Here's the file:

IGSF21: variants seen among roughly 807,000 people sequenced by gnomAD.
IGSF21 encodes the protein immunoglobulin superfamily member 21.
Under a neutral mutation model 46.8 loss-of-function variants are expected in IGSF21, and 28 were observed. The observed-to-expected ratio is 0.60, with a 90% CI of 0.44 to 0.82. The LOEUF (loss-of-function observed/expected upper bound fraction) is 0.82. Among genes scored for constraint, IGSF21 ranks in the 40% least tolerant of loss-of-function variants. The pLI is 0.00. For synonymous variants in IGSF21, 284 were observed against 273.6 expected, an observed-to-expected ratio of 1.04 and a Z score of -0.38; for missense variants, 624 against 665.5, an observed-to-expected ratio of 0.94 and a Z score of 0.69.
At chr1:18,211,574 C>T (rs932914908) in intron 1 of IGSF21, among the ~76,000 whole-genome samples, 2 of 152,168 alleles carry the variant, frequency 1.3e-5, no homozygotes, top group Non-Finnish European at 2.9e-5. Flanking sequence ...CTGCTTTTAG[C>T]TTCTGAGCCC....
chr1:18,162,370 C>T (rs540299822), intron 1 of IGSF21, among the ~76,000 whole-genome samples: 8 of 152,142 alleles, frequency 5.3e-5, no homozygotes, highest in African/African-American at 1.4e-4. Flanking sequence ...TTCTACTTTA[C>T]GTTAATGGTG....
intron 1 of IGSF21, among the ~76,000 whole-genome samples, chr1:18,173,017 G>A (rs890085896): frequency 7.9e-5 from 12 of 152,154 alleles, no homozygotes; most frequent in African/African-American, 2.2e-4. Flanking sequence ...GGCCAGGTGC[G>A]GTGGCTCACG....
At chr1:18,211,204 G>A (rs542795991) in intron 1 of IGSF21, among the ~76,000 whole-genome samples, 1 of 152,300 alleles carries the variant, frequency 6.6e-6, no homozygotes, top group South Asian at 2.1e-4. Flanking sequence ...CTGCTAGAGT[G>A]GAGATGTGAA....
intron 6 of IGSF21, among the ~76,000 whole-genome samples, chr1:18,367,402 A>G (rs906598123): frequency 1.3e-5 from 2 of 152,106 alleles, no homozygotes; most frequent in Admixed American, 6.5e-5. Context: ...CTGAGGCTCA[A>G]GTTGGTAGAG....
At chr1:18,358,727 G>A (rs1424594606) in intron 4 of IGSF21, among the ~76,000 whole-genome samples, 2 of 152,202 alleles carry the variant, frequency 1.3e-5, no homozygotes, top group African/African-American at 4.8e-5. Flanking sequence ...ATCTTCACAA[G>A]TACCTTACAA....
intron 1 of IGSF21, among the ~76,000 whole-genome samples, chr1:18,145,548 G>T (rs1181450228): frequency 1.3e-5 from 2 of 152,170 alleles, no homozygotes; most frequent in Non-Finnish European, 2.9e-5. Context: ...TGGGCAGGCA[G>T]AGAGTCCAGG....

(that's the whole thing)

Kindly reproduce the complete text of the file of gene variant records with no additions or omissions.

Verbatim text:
IGSF21: variants seen among roughly 807,000 people sequenced by gnomAD.
IGSF21 encodes the protein immunoglobulin superfamily member 21.
Under a neutral mutation model 46.8 loss-of-function variants are expected in IGSF21, and 28 were observed. The observed-to-expected ratio is 0.60, with a 90% CI of 0.44 to 0.82. The LOEUF (loss-of-function observed/expected upper bound fraction) is 0.82. Among genes scored for constraint, IGSF21 ranks in the 40% least tolerant of loss-of-function variants. The pLI is 0.00. For synonymous variants in IGSF21, 284 were observed against 273.6 expected, an observed-to-expected ratio of 1.04 and a Z score of -0.38; for missense variants, 624 against 665.5, an observed-to-expected ratio of 0.94 and a Z score of 0.69.
At chr1:18,211,574 C>T (rs932914908) in intron 1 of IGSF21, among the ~76,000 whole-genome samples, 2 of 152,168 alleles carry the variant, frequency 1.3e-5, no homozygotes, top group Non-Finnish European at 2.9e-5. Flanking sequence ...CTGCTTTTAG[C>T]TTCTGAGCCC....
chr1:18,162,370 C>T (rs540299822), intron 1 of IGSF21, among the ~76,000 whole-genome samples: 8 of 152,142 alleles, frequency 5.3e-5, no homozygotes, highest in African/African-American at 1.4e-4. Flanking sequence ...TTCTACTTTA[C>T]GTTAATGGTG....
intron 1 of IGSF21, among the ~76,000 whole-genome samples, chr1:18,173,017 G>A (rs890085896): frequency 7.9e-5 from 12 of 152,154 alleles, no homozygotes; most frequent in African/African-American, 2.2e-4. Flanking sequence ...GGCCAGGTGC[G>A]GTGGCTCACG....
At chr1:18,211,204 G>A (rs542795991) in intron 1 of IGSF21, among the ~76,000 whole-genome samples, 1 of 152,300 alleles carries the variant, frequency 6.6e-6, no homozygotes, top group South Asian at 2.1e-4. Flanking sequence ...CTGCTAGAGT[G>A]GAGATGTGAA....
intron 6 of IGSF21, among the ~76,000 whole-genome samples, chr1:18,367,402 A>G (rs906598123): frequency 1.3e-5 from 2 of 152,106 alleles, no homozygotes; most frequent in Admixed American, 6.5e-5. Context: ...CTGAGGCTCA[A>G]GTTGGTAGAG....
At chr1:18,358,727 G>A (rs1424594606) in intron 4 of IGSF21, among the ~76,000 whole-genome samples, 2 of 152,202 alleles carry the variant, frequency 1.3e-5, no homozygotes, top group African/African-American at 4.8e-5. Flanking sequence ...ATCTTCACAA[G>A]TACCTTACAA....
intron 1 of IGSF21, among the ~76,000 whole-genome samples, chr1:18,145,548 G>T (rs1181450228): frequency 1.3e-5 from 2 of 152,170 alleles, no homozygotes; most frequent in Non-Finnish European, 2.9e-5. Context: ...TGGGCAGGCA[G>T]AGAGTCCAGG....